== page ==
This is a question that a colleague asked me a couple years ago, and it just keeps coming back to me. If one becomes informed about the damage that our meat consumption is causing on the planet, does it become immoral for one to consume meat? Say, if you watch a couple documentaries on Netflix and continue consuming meat, does that make you a bad person? I don't really have an answer. I think about it every time I eat a burger.
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Given that some amount of meat is healthier than none, you'd probanly be fine reducing your consumption by an order of magnitude. What I'd argue would be immoral is continuing to eat meat while eschewing genetically modified vat meat when that becomes available. It's hard to say whether or not cutting consumption now will bring that to market any sooner.
Maybe splitting the big industrial production livestocks into smaller local ones and the promotion/support of it could be part of the solution. Idk. Also, the pesticides/chemicals massively used in agricultural production should be pointed out and it's just as bad. So I'm just trying to eat local as much as possible, meat and vegetables. Not going to stop eating good meat (I don't tell people they are bad based on what they eat). I might test a veggie burger out of curiosity.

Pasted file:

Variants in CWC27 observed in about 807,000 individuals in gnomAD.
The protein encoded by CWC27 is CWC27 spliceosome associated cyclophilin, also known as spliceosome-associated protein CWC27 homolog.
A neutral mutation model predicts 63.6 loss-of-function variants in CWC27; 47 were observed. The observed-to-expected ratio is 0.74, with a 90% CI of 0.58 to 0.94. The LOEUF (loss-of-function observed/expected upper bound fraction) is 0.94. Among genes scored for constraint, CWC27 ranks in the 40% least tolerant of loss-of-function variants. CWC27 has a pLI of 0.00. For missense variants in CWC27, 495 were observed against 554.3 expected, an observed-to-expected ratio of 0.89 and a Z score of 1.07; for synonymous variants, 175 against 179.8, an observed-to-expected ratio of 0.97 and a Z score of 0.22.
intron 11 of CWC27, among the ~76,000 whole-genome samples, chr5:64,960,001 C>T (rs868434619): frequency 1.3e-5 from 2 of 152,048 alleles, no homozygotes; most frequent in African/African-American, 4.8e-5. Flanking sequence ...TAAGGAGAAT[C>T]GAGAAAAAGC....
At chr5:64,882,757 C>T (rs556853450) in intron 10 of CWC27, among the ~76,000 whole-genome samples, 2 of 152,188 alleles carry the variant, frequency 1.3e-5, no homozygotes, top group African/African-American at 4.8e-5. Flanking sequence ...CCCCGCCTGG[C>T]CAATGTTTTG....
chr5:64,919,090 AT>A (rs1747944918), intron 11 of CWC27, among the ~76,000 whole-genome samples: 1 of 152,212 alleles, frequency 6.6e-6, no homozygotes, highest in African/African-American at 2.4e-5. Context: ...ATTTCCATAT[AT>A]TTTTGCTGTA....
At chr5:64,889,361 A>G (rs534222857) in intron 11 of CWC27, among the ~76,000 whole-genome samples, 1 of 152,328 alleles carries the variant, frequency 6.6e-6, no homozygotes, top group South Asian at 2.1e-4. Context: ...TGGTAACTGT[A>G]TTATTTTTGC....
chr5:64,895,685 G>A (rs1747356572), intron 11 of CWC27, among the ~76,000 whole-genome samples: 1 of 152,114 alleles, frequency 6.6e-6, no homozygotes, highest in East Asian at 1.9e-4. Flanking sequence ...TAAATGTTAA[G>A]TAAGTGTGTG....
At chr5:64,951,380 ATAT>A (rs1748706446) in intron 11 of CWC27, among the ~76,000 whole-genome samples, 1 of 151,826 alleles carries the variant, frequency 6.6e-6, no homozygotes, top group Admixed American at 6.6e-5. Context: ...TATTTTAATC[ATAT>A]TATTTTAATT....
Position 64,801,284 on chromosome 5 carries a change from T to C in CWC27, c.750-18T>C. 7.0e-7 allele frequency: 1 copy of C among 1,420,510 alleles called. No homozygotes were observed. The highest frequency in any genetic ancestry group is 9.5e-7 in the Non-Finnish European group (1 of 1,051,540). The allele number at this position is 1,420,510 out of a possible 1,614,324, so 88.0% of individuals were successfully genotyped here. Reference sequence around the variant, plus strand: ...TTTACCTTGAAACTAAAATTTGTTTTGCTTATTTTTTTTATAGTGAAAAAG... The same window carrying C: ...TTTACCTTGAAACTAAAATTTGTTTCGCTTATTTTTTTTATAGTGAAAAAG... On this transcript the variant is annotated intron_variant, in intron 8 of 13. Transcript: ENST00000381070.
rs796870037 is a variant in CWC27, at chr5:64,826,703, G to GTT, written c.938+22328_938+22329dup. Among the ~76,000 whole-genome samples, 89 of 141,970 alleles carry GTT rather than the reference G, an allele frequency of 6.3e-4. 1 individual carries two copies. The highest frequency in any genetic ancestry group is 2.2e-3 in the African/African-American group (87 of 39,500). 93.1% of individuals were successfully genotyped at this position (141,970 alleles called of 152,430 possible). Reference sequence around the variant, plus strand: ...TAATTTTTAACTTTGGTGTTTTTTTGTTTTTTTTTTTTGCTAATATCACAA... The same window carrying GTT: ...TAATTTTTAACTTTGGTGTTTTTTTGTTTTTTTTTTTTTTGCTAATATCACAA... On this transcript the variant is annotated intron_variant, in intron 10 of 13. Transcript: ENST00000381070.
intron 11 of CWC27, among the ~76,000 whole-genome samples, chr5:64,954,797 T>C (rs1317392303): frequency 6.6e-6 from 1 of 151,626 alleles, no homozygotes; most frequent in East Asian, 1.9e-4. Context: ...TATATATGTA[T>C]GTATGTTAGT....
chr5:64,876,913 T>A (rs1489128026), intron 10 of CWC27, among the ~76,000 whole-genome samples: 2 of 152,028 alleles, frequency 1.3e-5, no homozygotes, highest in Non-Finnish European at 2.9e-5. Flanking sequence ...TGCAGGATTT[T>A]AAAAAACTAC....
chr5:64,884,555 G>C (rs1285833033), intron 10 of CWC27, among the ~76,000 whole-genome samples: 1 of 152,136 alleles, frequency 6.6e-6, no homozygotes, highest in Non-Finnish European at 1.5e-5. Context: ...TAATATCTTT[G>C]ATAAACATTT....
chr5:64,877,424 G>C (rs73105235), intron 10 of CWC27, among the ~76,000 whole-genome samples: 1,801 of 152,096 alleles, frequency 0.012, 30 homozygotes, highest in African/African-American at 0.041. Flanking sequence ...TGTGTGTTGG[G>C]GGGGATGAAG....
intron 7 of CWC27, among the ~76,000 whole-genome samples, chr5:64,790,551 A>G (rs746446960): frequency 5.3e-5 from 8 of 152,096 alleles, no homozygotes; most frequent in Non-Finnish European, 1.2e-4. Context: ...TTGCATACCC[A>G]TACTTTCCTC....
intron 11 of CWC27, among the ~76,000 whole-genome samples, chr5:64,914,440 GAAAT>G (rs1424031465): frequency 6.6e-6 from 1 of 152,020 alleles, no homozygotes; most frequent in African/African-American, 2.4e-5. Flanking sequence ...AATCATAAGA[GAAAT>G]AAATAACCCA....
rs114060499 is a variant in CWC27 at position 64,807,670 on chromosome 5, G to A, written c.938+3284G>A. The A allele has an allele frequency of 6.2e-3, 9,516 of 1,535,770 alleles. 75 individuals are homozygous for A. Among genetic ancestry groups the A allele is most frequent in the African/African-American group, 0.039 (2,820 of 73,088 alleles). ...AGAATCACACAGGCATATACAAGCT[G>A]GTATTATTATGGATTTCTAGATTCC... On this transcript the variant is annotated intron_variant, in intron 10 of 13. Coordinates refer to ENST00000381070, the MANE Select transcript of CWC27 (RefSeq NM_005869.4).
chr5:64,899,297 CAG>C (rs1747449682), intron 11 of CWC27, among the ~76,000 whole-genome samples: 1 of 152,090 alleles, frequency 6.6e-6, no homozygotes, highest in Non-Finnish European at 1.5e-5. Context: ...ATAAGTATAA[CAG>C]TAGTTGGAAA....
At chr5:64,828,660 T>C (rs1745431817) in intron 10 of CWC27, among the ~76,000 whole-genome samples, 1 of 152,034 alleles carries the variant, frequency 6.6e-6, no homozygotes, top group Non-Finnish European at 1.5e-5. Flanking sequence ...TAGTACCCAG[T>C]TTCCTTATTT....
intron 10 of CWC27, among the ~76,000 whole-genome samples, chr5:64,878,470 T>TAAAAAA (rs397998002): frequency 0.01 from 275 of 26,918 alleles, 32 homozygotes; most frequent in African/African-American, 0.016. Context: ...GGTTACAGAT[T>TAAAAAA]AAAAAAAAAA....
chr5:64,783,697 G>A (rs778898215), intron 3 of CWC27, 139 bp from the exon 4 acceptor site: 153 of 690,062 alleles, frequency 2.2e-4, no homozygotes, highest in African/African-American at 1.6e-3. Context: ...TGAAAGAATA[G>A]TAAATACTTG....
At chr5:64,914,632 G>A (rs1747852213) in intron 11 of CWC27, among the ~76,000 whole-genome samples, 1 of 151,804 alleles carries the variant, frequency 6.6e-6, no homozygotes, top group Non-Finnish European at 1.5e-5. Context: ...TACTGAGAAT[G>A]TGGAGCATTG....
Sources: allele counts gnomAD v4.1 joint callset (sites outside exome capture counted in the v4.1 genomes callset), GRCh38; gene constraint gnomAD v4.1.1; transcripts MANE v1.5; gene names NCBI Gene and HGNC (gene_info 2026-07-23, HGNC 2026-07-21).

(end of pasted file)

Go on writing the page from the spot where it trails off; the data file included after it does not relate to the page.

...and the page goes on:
That is very true, and a very good approach to the problem. Do you buy your produce from farmer's markets? I found that they rarely have any meat where I live.
If it's all done in one place, waste can be dealt with at scale. I'd argue local is worse for the environment, while what's best would be moving food production into highly industrialized vertical farms and vats colocated in the cities where people are. China relied on small local farms and it resulted in famines, which is why they started moving people to cities and industrializing food production. Self-sufficiency is the road to poverty.
Eating meat isn't immoral. We damage the planet in countless ways, humanity is a burden on the planet. If your goal is planet preservation over all, the only real answer is extinction of humans.
I don't think it makes you immoral. I just nowadays don't understand *why* anyone eats meat. Once upon a time it made sense - it was tastier, there wasn't much vegetarian food that was any good and we had little/no evidence about the env or health damage. Nowadays? It's *really* easy to be a vegetarian, it's incredibly tasty food *AND* you're doing so, so much good for pretty much everything: environment, your health, animal wellbeing, your weight, etc.
No, we still need those proteins
Veggie burgers man, they come in hundreds of types and they're delicious, cheaper, pain free and easy to store in the freezer! (and you can still eat steaks now and then)
Instead of just using eating choice cuts, try eating nose to tail. Also, treat meat like it used to be treated--a luxury. Our ability to get meat any time without having to hunt it has screwed up a lot.